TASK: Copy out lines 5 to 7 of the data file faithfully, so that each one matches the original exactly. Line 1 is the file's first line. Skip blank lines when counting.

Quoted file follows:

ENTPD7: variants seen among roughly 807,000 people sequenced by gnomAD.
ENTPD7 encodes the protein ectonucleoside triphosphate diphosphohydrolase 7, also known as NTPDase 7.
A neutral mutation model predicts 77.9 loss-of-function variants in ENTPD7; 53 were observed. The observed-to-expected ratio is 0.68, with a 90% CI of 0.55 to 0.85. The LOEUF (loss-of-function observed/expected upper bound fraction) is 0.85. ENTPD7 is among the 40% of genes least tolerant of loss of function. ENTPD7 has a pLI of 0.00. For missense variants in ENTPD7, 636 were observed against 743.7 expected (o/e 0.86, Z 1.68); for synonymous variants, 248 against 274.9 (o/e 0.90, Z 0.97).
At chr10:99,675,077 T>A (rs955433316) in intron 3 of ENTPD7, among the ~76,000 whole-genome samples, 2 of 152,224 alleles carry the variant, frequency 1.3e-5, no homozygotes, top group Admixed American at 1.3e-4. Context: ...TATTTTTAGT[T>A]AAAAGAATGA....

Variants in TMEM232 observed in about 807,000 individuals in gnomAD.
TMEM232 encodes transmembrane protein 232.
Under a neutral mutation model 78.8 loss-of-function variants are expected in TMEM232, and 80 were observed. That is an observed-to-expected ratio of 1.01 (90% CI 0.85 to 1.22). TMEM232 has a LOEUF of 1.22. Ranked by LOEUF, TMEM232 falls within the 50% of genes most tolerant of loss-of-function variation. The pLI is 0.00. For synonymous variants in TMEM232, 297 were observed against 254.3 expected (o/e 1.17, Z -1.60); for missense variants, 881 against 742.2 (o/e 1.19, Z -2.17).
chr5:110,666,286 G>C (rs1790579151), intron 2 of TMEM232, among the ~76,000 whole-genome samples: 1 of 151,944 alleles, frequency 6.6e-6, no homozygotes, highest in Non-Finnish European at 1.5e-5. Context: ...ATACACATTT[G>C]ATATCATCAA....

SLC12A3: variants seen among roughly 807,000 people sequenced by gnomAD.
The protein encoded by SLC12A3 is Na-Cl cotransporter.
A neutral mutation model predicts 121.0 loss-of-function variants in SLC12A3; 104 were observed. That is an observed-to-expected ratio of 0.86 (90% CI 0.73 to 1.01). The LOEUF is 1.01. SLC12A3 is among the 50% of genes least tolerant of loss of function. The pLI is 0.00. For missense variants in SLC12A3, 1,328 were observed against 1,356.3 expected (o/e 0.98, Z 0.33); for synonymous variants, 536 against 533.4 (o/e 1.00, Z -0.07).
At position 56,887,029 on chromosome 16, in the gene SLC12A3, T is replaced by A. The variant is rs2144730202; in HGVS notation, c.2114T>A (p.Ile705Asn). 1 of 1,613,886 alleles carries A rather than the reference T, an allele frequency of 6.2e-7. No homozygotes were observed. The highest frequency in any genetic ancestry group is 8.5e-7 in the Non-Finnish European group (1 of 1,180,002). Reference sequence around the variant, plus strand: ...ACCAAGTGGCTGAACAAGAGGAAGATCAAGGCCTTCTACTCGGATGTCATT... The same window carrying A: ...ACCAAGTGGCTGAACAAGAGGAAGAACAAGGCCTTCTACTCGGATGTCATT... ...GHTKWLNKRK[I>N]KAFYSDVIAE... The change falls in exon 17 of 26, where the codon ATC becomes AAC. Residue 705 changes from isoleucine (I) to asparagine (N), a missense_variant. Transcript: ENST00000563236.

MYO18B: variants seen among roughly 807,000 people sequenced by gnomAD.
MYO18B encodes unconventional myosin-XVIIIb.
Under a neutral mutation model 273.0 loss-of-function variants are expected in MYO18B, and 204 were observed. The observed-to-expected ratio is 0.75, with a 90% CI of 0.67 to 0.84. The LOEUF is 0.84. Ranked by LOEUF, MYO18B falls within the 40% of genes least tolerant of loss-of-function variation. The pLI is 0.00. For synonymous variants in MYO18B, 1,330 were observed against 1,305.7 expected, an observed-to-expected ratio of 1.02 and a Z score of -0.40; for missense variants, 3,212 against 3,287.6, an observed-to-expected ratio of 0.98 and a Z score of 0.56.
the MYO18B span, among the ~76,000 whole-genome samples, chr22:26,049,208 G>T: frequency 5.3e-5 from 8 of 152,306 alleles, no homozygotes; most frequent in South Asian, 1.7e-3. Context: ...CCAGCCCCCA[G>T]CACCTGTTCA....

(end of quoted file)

Variants in TMEM232 observed in about 807,000 individuals in gnomAD.
TMEM232 encodes transmembrane protein 232.
Under a neutral mutation model 78.8 loss-of-function variants are expected in TMEM232, and 80 were observed. That is an observed-to-expected ratio of 1.01 (90% CI 0.85 to 1.22). TMEM232 has a LOEUF of 1.22. Ranked by LOEUF, TMEM232 falls within the 50% of genes most tolerant of loss-of-function variation. The pLI is 0.00. For synonymous variants in TMEM232, 297 were observed against 254.3 expected (o/e 1.17, Z -1.60); for missense variants, 881 against 742.2 (o/e 1.19, Z -2.17).